2. 2. Only New Jersey’s Christie can stop the Hillary machine   Stan Harper   November 2016, in political time, is a lifetime away. So much can and will happen in 36 months. If the presidential election were to happen in November 2014, predictions would be easier. So let's take a look at that time line.   If the race were held next November, it would be for the Republicans to lose — and for one reason only: Obamacare and “if you like your doctor, you can keep him.” Even the president's base isn't buying it. They realize that the cost is more, the deductible is higher and your doctor panel is limited.   Then there are the possible candidates. Democrats first: The candidate who has been running for nine years, Hillary Clinton, has better name identification than any other candidate on either side of the aisle. As a former first lady, U.S. Senator and Secretary of State, she comes to the table with a great game plan and solid ground plan in place. Most importantly, she has the ability to raise a lot of money. The downside would be the alleged "stand down” command from her office or other U.S.officials during the 2012 Benghazi attack. Even with her political baggage, however, Clinton is definitely the Dem frontrunner.   Vice President Joe Biden has the best current insight and knowledge of the workings of the White House. Unfortunately, he has no ground game in place and no real finance committee. Then there is California's own governor. But Jerry Brown has no ground plan outside California and no big potential donors. His chances are slim to none.   The GOP has so many potential candidates, it is hard to get a good handle on things. There is a top tier and a second tier.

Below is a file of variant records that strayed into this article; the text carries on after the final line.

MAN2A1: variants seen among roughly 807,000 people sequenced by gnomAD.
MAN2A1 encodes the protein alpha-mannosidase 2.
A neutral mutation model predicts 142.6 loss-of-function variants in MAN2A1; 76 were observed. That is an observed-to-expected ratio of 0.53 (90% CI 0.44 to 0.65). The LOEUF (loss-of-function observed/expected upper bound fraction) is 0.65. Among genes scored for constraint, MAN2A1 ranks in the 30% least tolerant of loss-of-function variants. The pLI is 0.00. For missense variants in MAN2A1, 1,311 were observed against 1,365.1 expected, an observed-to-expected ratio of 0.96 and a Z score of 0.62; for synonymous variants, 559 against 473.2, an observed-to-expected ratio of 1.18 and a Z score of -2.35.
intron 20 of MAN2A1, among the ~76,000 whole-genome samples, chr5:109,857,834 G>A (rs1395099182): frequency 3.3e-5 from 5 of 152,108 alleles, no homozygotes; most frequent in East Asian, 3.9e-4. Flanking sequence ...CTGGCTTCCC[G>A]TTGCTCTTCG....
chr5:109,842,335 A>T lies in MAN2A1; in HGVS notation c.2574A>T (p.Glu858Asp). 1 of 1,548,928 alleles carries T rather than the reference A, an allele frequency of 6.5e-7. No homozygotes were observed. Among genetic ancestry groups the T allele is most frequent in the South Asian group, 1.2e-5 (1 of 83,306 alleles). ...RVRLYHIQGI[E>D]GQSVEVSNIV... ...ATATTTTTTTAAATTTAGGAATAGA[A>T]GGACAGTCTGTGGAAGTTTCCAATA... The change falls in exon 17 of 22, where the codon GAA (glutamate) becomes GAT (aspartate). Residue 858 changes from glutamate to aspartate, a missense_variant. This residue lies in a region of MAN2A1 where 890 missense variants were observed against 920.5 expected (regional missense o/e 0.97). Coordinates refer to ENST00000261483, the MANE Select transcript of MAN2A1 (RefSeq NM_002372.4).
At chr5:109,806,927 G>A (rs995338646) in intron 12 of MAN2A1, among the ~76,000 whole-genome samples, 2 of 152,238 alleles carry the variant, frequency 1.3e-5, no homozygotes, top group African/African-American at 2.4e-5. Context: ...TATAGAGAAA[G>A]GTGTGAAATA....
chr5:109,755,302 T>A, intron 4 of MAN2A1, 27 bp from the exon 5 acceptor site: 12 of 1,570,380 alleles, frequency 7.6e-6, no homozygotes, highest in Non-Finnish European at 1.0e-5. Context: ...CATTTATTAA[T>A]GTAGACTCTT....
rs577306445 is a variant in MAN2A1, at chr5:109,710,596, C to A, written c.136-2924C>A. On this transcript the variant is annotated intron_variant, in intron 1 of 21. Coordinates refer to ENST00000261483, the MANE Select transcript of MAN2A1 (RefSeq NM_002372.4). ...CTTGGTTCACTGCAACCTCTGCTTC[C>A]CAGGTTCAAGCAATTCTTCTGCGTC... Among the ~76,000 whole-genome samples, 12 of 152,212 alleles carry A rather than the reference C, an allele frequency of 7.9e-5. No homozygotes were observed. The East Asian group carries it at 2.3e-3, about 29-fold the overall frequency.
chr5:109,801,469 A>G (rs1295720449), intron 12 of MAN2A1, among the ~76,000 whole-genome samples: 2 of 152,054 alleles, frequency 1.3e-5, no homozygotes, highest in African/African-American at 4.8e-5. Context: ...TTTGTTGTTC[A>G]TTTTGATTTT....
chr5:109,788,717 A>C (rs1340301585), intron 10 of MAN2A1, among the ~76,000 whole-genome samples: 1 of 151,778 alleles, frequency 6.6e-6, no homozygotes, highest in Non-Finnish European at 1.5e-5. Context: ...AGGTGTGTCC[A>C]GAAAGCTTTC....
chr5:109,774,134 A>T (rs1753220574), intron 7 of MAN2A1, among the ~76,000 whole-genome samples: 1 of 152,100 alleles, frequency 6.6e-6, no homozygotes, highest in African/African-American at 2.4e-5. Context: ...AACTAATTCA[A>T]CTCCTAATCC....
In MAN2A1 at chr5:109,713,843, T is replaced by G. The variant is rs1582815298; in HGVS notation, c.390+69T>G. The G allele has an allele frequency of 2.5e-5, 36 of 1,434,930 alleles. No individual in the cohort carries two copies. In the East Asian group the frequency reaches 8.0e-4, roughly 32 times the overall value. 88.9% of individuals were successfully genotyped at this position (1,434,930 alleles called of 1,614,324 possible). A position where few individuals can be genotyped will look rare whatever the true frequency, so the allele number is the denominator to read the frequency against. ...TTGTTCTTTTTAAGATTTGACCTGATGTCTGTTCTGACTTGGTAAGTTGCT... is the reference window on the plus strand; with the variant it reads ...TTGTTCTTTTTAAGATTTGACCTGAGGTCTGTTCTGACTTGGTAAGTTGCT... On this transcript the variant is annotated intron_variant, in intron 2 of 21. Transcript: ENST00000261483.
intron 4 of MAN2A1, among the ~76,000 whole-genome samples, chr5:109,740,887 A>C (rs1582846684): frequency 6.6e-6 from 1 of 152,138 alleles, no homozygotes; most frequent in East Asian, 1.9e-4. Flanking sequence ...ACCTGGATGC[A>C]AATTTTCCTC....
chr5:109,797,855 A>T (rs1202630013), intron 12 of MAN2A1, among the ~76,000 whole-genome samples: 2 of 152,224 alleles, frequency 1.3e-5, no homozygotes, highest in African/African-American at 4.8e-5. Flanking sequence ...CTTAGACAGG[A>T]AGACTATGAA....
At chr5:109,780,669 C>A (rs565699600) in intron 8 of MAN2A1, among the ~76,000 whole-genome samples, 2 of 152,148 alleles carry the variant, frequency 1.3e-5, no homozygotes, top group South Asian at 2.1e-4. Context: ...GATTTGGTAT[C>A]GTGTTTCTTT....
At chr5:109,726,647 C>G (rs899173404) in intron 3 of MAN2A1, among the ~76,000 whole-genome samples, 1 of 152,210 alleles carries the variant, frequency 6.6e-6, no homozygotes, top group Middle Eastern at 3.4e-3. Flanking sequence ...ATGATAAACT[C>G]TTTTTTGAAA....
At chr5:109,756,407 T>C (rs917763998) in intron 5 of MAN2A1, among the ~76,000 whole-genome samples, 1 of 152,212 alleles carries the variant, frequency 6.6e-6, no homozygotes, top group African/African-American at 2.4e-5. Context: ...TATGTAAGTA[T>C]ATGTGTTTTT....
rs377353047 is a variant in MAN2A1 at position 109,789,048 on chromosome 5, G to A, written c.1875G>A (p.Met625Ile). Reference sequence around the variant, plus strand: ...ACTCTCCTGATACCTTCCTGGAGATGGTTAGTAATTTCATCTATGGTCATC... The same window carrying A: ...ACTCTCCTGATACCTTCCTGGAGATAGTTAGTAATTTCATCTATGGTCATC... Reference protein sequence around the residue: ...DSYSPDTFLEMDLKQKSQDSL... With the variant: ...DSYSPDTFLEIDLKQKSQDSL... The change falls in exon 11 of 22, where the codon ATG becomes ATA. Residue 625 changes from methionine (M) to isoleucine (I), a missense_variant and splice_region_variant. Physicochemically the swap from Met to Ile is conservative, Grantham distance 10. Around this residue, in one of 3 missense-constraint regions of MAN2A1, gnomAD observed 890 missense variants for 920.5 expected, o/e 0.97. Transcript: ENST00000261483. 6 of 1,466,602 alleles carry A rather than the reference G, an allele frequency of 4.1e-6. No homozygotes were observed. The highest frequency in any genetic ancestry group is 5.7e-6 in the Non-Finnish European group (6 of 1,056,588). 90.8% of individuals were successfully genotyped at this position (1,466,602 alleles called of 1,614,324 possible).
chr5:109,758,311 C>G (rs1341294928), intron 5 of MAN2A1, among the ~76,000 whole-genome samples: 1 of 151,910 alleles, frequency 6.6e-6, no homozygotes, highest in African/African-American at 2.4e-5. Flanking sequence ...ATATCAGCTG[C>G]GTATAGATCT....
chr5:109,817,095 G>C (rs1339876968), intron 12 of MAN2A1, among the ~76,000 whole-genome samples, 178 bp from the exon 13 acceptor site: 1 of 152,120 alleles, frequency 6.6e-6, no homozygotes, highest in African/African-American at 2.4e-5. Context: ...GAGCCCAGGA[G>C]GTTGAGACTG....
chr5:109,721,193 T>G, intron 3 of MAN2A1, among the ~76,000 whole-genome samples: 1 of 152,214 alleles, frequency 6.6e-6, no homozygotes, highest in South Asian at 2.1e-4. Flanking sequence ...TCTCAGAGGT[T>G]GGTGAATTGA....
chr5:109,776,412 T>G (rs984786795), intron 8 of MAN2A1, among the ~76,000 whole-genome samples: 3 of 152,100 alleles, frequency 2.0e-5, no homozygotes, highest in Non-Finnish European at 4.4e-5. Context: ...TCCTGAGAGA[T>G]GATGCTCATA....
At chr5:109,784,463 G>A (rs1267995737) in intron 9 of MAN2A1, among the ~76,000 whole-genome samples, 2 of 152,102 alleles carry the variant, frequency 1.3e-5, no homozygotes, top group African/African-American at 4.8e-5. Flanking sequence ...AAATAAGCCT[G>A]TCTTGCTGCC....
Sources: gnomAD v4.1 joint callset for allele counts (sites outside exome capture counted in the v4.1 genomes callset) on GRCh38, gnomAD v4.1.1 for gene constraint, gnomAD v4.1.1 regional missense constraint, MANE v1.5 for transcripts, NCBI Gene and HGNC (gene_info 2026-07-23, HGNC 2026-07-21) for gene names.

3. 3. In the top tier are New Jersey Gov. Chris Christie and Congressman Paul Ryan of Wisconsin, who both have great name ID and are fiscally conservative and socially moderate. Today Christie would have to be the front runner. But Ryan, as a former veep candidate, has a tremendous national following. He still has his ground game in place and has no problem raising money. My guess, though, is that he is committed to the fiscal stability of America. With that in mind, I would wager that he would forgo a presidential run to be the chairman of the House Ways and Means Committee. In that role, he would be the one person who can get our government out of its spending spree and work endlessly to get us out of debt.   On the second tier are Sens. Ted Cruz, Marco Rubio and Rand Paul, as well as former Govs. Jeb Bush and Mike Huckabee. All have good credentials, good name ID and the ability to put together a good campaign. But Cruz and Rubio are mainly one issue candidates. I personally think that Jeb Bush is the brightest star but feel America has had enough of the Bush clan. Many are turned off by Huckabee’s strong religious stands. Rand Paul is increasingly considered a loose cannon and somewhat radical.   I think it’ll be Hillary Clinton vs. Chris Christie, with Christie winning by a slim margin.   Personally, however, I want to see more of Rand Paul. I want to see how voters react to his ideas and messages and, more importantly, how he conducts himself as a campaigner.   Republican political consultant Stan Harper runs a temporary-employee placement agency.